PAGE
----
For example, when it comes to math, we start with single-digit numbers, move to double-digit numbers, then triple-digit, then addition, subtraction, multiplication, division, and so on.
Each new thing we learn is like adding a new brick and then cementing it to other bricks to create a knowledge structure.
As we learn more, our building becomes larger.
The problem comes when we build our buildings on a poor foundation with shoddy bricks (junk learning). In this case, counterintuitively, adding new knowledge weakens the whole building.
And if we keep adding new knowledge to an unstable building, it eventually falls down. These building collapses are our existential crises (i.e., quarter-life and mid-life crises) where we hit bottom after reconsidering our deepest beliefs. Removing these fundamental ideas forces us to reconsider all of the ideas that were dependent on that idea.
This is what happens in our brains with junk learning. For example, when I first started writing in college, I somehow got the idea in my head that the key to being a good writer was producing as much content as possible. So, for three years, I wrote a new blog post every day.
My hope was that the blog would somehow become viral and be a platform for me to go into a career in writing. Instead, almost no one read my posts, and I eventually gave up and took a different career path that allowed me to support myself. As a result of the experience, I came to the conclusion that I just wasn’t a good writer and that you can’t really support yourself as an independent writer. Two more false ideas built upon a bad one.
I didn’t come back to writing for 7 years. Fortunately, when I started writing for Forbes in 2013, I had just read a book called Blockbusters by Harvard professor Anita Elberse. The central premise is that the best strategy in the media world of books, movies, TV, and music is to focus on creating high-quality blockbusters rather than churning out volume. Elberse based her claims on years of research on who the winners are in the media world.
It is painful to think about how big of a detour was caused by the initial faulty idea.
Bottom line: Junk learning damages our brain and then it makes us more prone to more junk learning, which damages our brain even more.
The Top Five Sources Of Junk Learning
The illiterate of the 21st century will not be those who cannot read and write, but those who cannot learn, unlearn, and relearn.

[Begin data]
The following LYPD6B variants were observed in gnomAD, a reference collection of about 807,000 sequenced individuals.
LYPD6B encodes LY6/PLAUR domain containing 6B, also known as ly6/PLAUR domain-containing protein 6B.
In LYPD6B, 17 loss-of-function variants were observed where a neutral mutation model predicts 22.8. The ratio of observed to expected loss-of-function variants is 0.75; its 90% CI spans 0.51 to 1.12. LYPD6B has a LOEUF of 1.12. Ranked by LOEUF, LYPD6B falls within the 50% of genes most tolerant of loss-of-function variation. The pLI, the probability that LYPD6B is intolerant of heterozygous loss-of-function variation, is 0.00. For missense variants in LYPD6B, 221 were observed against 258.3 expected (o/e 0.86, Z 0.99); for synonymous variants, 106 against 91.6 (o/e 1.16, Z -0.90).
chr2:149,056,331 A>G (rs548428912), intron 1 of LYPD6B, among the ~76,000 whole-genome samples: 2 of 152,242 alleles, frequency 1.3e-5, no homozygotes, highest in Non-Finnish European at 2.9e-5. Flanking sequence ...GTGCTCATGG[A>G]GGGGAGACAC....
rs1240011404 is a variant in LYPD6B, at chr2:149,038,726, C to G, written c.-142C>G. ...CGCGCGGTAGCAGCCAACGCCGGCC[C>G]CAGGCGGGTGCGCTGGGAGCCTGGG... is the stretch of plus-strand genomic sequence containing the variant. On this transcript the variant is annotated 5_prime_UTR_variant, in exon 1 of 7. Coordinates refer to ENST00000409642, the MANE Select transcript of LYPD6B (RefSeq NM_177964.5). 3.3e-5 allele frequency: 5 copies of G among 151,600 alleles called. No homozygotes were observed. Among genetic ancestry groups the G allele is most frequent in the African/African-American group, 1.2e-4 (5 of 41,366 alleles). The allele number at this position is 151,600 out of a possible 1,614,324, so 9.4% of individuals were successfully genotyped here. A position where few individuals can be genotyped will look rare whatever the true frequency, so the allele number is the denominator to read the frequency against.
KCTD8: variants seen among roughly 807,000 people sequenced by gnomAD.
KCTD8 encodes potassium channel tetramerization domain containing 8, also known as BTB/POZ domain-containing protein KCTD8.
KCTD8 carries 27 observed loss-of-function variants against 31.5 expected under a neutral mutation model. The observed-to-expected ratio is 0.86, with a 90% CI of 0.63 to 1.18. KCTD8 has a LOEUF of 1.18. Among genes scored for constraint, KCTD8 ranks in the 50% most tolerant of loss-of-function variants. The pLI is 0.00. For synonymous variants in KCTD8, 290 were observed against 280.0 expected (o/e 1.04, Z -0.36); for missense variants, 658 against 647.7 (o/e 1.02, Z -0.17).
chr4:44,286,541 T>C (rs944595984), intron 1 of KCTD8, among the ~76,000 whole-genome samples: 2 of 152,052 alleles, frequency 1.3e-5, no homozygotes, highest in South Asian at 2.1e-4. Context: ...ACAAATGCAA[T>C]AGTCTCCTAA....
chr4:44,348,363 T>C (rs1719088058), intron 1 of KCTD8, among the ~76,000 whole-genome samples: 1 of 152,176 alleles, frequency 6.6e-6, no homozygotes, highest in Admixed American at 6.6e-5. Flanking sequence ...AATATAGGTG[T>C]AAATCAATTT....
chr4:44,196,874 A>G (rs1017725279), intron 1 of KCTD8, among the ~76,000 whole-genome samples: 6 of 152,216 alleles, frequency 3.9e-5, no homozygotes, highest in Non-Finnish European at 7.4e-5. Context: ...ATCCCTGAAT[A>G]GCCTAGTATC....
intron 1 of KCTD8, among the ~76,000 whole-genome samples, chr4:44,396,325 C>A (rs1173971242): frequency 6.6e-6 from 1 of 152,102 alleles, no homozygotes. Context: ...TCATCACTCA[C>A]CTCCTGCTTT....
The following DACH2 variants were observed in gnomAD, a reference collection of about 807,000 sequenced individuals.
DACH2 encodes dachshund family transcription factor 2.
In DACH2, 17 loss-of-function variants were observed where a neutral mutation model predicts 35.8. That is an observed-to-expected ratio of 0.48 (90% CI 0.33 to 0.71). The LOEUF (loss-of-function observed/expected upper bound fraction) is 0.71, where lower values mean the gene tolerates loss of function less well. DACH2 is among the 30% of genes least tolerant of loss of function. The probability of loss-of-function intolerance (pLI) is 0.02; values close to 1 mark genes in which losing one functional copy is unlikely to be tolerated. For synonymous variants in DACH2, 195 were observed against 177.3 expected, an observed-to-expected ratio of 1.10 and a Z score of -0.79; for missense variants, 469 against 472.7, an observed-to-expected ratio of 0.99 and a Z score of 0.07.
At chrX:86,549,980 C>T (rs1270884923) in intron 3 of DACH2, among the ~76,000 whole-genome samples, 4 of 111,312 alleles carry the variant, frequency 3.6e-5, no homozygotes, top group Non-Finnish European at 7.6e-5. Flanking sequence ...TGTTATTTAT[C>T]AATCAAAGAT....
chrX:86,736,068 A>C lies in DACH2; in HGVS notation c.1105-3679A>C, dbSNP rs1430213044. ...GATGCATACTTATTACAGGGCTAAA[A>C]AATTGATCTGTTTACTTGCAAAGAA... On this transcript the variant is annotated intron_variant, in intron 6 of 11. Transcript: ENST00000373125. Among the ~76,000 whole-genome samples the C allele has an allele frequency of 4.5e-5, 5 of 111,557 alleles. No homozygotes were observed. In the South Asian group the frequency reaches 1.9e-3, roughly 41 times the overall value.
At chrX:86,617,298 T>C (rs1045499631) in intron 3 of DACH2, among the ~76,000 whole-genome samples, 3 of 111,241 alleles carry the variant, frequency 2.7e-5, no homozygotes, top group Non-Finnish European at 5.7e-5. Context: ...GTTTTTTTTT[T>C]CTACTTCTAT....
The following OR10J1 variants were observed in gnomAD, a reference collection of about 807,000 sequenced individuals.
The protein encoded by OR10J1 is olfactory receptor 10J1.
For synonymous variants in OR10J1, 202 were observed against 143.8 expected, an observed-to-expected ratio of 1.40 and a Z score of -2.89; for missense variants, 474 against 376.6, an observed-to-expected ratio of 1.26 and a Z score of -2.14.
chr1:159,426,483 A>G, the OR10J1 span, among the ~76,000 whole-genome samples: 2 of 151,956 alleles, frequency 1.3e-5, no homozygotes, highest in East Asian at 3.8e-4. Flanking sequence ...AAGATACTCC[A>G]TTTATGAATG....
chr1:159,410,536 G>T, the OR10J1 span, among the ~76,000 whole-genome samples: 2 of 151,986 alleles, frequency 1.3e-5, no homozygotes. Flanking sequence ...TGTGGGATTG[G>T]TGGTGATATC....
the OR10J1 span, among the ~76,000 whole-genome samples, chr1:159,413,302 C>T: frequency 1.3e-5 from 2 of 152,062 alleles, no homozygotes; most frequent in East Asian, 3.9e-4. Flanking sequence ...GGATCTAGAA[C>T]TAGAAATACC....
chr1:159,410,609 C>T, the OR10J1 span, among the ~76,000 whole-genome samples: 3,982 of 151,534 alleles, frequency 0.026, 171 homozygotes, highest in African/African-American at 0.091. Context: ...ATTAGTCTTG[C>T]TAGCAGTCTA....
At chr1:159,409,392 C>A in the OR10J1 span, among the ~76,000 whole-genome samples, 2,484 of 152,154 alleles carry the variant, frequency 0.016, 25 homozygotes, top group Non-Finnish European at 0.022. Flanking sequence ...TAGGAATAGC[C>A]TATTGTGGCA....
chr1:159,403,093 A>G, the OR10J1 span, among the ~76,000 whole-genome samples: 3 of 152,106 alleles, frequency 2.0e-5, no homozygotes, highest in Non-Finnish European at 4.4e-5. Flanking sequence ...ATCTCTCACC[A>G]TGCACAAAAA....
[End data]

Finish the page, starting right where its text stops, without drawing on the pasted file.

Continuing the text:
Ok. So we’ve established a few things:
Learning physically changes our brains.
Much of the learning that people are exposed to by default is junk learning.
Junk learning is effectively equivalent to brain damage and impairs our ability to function in the world.
Junk learning is like a disease that spreads throughout the brain and causes more junk learning.
Now the question is, what do we do about it?
In my experience, it’s key to first know what the causes of junk learning are. This way we can avoid them the next time we jump into an audiobook or start a learning ritual.
What follows are the five biggest sources of junk learning that I’ve personally come across over and over…
Junk Learning Source #1. The “Facts” We Know Are Slowly Being Debunked
At the same time that we are building up our base of knowledge, the knowledge is expiring. The book that woke me up to this reality is The Half-Life of Facts: Why Everything We Know Has An Expiration Date, which terrified me by revealing that if you’ve got liver disease and go to a doctor who graduated more than 45 years ago, half of that doctor’s information is probably wrong:
It’s not just medicine. It’s happening in computer science, design, nutrition, psychology, basically everywhere. It’s like we’re trying to bail water out of a leaking boat. We have all this knowledge, but it’s losing value. And to make it worse, we don’t even know when a piece of knowledge expires. It’s not like we get an email notifying us: “Hey, that thing you learned three years ago? It’s not true anymore.”
The end result is that we operate with false ideas and we stop getting results. Then we have to troubleshoot to find out what out-of-date knowledge and skills might be responsible for the poor results.
A fascinating 1966 paper titled The Dollars and Sense of Continuing Education plays out the implications of decaying knowledge. Assuming that it takes ten years for half the facts in a given field to be proven wrong or improved on, then:
You would need to spend at least five hours per week, 48 weeks a year, to stay up to date.
A 40-year career would require 9,600 hours of continuing learning just to stay relevant. This does not include learning to get ahead or the time it would take to simply remember what we have already learned.